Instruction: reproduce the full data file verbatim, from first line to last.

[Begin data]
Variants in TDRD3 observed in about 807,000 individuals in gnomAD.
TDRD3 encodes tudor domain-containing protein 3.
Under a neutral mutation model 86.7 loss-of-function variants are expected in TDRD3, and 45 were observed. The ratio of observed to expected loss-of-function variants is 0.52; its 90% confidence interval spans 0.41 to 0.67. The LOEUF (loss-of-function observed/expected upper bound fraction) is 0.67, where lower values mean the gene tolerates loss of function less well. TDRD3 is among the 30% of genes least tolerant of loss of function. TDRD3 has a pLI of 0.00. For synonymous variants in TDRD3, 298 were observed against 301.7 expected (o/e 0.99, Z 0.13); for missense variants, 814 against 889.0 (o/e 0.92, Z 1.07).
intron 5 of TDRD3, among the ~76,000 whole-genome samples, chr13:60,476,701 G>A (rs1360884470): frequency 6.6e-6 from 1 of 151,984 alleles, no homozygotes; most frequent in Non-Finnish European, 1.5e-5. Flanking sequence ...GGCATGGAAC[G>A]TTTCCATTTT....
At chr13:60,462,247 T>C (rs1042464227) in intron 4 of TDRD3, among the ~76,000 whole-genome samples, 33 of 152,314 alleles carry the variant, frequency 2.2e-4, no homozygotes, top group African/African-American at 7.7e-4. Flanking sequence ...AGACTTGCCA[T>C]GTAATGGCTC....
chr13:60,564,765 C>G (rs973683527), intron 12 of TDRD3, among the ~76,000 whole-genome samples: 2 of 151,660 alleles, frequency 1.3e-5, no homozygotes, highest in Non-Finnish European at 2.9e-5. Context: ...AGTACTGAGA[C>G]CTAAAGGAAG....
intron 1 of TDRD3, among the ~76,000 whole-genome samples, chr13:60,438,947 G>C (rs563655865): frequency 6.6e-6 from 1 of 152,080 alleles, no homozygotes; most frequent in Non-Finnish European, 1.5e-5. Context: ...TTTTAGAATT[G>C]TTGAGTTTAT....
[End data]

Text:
Variants in TDRD3 observed in about 807,000 individuals in gnomAD.
TDRD3 encodes tudor domain-containing protein 3.
Under a neutral mutation model 86.7 loss-of-function variants are expected in TDRD3, and 45 were observed. The ratio of observed to expected loss-of-function variants is 0.52; its 90% confidence interval spans 0.41 to 0.67. The LOEUF (loss-of-function observed/expected upper bound fraction) is 0.67, where lower values mean the gene tolerates loss of function less well. TDRD3 is among the 30% of genes least tolerant of loss of function. TDRD3 has a pLI of 0.00. For synonymous variants in TDRD3, 298 were observed against 301.7 expected (o/e 0.99, Z 0.13); for missense variants, 814 against 889.0 (o/e 0.92, Z 1.07).
intron 5 of TDRD3, among the ~76,000 whole-genome samples, chr13:60,476,701 G>A (rs1360884470): frequency 6.6e-6 from 1 of 151,984 alleles, no homozygotes; most frequent in Non-Finnish European, 1.5e-5. Flanking sequence ...GGCATGGAAC[G>A]TTTCCATTTT....
At chr13:60,462,247 T>C (rs1042464227) in intron 4 of TDRD3, among the ~76,000 whole-genome samples, 33 of 152,314 alleles carry the variant, frequency 2.2e-4, no homozygotes, top group African/African-American at 7.7e-4. Flanking sequence ...AGACTTGCCA[T>C]GTAATGGCTC....
chr13:60,564,765 C>G (rs973683527), intron 12 of TDRD3, among the ~76,000 whole-genome samples: 2 of 151,660 alleles, frequency 1.3e-5, no homozygotes, highest in Non-Finnish European at 2.9e-5. Context: ...AGTACTGAGA[C>G]CTAAAGGAAG....
intron 1 of TDRD3, among the ~76,000 whole-genome samples, chr13:60,438,947 G>C (rs563655865): frequency 6.6e-6 from 1 of 152,080 alleles, no homozygotes; most frequent in Non-Finnish European, 1.5e-5. Context: ...TTTTAGAATT[G>C]TTGAGTTTAT....